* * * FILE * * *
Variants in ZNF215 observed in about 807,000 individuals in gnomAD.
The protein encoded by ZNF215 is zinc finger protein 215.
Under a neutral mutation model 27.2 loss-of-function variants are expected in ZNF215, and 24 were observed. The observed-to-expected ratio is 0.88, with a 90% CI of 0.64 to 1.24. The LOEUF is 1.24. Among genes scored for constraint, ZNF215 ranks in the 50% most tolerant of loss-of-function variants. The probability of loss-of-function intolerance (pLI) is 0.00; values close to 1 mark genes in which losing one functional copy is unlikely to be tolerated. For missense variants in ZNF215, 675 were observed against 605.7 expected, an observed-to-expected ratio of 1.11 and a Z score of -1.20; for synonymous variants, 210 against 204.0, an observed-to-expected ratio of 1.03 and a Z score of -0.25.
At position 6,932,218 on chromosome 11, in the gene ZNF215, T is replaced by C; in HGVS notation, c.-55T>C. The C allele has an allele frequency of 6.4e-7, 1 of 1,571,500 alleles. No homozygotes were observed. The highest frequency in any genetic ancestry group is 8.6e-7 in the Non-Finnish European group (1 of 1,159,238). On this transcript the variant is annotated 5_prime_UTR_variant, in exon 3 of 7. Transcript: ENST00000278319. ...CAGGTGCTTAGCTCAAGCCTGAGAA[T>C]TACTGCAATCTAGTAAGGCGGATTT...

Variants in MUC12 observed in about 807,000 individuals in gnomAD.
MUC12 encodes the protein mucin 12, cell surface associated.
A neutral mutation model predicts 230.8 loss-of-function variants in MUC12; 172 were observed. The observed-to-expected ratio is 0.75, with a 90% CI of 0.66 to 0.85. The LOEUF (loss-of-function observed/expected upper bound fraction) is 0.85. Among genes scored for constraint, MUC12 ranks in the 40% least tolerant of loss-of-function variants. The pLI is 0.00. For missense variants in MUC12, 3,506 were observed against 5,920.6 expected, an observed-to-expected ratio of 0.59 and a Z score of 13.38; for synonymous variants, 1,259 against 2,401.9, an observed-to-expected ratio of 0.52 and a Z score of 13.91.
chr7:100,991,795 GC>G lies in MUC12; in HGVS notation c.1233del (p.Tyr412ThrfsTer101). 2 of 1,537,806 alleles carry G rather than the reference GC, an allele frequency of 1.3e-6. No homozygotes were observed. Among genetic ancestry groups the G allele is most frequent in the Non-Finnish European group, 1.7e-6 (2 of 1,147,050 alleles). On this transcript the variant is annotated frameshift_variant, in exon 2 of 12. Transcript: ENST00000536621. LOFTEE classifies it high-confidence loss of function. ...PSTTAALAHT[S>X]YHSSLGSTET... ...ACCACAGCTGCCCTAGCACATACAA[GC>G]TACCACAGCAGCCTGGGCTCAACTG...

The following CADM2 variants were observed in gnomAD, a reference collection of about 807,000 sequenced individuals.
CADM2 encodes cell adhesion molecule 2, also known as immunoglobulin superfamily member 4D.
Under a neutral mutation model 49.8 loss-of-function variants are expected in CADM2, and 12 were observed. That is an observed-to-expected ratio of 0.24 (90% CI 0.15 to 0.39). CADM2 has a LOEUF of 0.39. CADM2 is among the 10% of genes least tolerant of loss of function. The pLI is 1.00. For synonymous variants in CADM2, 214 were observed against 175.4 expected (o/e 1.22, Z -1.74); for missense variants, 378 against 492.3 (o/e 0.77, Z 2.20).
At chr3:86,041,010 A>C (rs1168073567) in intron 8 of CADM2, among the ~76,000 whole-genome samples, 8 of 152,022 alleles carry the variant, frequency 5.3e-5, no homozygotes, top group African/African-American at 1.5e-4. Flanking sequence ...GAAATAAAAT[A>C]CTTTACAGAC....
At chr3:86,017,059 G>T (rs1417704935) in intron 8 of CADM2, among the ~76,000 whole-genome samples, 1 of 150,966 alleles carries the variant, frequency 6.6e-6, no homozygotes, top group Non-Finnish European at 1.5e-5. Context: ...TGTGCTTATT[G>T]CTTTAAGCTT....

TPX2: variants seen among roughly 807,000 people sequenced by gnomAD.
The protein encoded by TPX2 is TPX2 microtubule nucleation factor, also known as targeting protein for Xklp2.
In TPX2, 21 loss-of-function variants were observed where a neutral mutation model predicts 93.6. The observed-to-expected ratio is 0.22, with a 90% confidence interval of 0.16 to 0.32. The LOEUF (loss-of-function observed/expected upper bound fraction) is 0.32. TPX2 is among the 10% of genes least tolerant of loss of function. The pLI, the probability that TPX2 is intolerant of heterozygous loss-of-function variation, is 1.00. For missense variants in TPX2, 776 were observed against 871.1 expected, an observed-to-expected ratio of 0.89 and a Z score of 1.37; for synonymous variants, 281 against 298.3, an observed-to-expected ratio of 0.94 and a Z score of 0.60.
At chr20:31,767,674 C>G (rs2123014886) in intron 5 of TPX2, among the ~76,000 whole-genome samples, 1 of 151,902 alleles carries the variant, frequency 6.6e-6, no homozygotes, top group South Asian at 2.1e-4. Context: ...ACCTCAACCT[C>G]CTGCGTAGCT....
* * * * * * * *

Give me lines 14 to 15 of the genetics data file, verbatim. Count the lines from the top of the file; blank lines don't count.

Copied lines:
TPX2: variants seen among roughly 807,000 people sequenced by gnomAD.
The protein encoded by TPX2 is TPX2 microtubule nucleation factor, also known as targeting protein for Xklp2.